The loose structure of down feathers traps air, which helps insulate the user. In the same way that other insulating fabrics work, these air pockets create a barrier between the wearer and the environment. Therefore warmth is a combination of the amount of air pockets which is determined by the loft of the down and the thickness or amount of loft. At the same thickness, higher rated down will have more air pockets and will be warmer. But fill power alone does not determine the warmth of down insulation, which is the most often misunderstood characteristic of down. A thicker layer of down provides more warmth than a thinner layer regardless of the fill power.

Loft & Compression

The loft of down directly impacts the compressibility of the down. The more air pockets the down possesses the more it is able to compress. Therefore the higher the fill power rating the more compressible the down is as well. Down can compress much smaller than its synthetic competition. Also, the higher the quality the down the more resilient it is to being compressed meaning it will retain loft longer.

Durability

Down is more durable than synthetic insulation. The more mature the down the larger the clusters and the more resilient they are. These larger clusters can withstand more compressive cycles than less mature down can. With proper care, down can last much longer than synthetic pieces.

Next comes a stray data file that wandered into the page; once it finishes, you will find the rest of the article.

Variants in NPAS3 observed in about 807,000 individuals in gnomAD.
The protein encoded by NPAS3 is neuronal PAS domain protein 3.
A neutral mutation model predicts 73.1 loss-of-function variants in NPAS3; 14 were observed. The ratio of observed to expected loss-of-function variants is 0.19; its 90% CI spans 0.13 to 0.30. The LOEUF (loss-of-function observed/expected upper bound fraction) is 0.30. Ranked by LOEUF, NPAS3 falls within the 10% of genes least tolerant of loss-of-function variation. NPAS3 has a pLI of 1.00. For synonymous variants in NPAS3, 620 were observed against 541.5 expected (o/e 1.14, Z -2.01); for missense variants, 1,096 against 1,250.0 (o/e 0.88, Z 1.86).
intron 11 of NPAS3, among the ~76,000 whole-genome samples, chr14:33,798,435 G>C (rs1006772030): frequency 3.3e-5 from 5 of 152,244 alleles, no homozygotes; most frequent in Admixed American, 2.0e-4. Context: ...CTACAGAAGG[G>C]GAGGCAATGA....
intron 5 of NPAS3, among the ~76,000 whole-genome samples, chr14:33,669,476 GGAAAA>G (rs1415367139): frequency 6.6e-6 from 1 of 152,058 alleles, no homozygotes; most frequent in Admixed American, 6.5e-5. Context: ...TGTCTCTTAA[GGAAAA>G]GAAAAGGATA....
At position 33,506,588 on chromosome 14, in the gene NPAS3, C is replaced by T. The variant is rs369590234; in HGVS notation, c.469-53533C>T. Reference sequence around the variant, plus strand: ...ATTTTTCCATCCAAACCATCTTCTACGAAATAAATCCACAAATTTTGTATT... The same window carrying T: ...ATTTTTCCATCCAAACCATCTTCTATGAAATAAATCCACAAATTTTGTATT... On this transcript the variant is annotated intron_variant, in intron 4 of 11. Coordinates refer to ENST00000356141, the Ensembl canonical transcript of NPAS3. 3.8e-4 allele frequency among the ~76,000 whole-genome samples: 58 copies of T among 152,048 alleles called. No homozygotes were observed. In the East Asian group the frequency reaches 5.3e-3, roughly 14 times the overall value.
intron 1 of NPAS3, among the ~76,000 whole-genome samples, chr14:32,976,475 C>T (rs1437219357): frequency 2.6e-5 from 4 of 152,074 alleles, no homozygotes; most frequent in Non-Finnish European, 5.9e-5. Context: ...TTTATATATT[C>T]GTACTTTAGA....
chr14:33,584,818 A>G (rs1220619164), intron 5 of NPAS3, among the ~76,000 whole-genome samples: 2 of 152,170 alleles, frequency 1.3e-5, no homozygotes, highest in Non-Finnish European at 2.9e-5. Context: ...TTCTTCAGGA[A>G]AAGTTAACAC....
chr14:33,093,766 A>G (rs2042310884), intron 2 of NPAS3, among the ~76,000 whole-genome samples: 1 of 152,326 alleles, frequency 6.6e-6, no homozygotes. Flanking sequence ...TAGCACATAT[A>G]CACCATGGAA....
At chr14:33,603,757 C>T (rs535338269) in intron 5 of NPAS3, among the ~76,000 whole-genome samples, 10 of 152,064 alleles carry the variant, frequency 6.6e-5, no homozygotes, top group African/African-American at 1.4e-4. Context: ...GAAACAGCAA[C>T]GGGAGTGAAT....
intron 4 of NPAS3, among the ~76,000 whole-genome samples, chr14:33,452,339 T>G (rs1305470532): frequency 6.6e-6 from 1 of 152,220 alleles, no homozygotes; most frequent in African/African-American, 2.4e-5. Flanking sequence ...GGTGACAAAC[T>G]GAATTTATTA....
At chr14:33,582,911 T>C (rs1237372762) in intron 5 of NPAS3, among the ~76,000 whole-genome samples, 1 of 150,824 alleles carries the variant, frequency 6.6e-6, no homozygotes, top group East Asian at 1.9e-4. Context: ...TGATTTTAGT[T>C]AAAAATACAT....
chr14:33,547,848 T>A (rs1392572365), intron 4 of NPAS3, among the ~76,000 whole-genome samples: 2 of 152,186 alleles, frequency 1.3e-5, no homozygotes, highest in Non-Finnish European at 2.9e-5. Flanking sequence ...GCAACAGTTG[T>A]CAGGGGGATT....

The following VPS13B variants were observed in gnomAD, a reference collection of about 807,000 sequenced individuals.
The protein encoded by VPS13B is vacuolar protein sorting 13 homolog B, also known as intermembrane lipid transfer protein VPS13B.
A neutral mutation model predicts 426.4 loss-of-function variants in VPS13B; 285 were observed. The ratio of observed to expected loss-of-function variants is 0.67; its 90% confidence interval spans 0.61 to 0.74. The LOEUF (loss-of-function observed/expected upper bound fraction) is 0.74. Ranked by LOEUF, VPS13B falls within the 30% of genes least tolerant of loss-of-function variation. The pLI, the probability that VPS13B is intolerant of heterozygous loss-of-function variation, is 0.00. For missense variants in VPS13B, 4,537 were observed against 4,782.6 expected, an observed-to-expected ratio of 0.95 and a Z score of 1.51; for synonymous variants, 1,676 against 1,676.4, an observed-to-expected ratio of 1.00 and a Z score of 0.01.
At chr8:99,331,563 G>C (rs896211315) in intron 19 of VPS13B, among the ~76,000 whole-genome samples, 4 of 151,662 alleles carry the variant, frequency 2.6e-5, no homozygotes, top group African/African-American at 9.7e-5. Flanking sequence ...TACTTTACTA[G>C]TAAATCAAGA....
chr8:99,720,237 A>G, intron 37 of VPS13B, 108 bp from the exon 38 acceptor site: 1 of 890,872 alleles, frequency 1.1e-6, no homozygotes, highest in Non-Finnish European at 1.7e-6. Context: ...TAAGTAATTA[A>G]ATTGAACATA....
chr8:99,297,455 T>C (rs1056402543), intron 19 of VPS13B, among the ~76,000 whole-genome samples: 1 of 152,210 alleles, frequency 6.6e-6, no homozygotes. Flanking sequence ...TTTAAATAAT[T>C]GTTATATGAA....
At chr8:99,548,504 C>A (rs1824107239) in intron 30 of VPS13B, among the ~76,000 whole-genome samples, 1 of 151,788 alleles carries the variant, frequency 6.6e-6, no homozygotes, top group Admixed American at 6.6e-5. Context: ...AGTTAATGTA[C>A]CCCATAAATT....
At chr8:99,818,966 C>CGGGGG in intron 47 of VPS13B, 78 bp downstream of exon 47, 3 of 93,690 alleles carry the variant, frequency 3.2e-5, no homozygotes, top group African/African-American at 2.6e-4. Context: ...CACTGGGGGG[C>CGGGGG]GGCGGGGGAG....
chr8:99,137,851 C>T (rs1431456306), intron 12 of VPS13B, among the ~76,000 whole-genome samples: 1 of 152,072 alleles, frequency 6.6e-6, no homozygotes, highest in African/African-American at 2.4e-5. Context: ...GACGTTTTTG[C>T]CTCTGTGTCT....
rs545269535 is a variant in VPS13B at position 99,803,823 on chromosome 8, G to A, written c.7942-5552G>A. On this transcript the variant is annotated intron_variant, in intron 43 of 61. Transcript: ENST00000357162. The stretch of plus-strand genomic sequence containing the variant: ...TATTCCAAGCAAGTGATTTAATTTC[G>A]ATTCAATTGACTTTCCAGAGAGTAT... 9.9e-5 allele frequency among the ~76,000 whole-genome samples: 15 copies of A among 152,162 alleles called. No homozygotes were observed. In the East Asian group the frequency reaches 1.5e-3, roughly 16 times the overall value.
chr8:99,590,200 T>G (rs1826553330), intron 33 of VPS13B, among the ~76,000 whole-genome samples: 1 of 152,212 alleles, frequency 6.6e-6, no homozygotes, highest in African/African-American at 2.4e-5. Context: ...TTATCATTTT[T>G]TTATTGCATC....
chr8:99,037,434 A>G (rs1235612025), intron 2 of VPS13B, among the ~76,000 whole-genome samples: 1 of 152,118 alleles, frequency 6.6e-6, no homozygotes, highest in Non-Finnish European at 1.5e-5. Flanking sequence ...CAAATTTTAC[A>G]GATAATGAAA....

Care

The fill power of down tends to diminish as down gets dirty and mats. The fill power of a down piece can be restored by washing it in a washing machine with a mild or no detergent. It then can be dried in a dryer and it is good to add tennis balls to help restore the fluff to the piece. An alternative method to washing is putting the down piece in the dryer with a damp rag for 10-20 minutes. The idea is to open up the down clusters with warm air and moisture. As with all items I would suggest reading the manufacturers recommendation for care as they may differ from manufacturer to manufacturer.

Drawback of Down Insulation

Down insulation can indirectly cause allergies if not taken care of. The same air pockets that insulate the body can also accumulate dust so cleanings are important to remove this dust as well.

The main drawback of down is that it loses all insulating properties when wet. It also takes a long time to dry. With these negatives considered, down is best for dryer environments and moderate to low activity levels. Keeping down pieces dry is of grand importance while out in the wilderness.

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About the Author

I am an avid runner, cyclist, swimmer, hiker, climber, skier and many other activities that would make this list too long. I started Your Mileage May Vary Reviews in Early 2011 to combine two of my passions: sports and gear.

6 Responses to “Down Insulation Explained”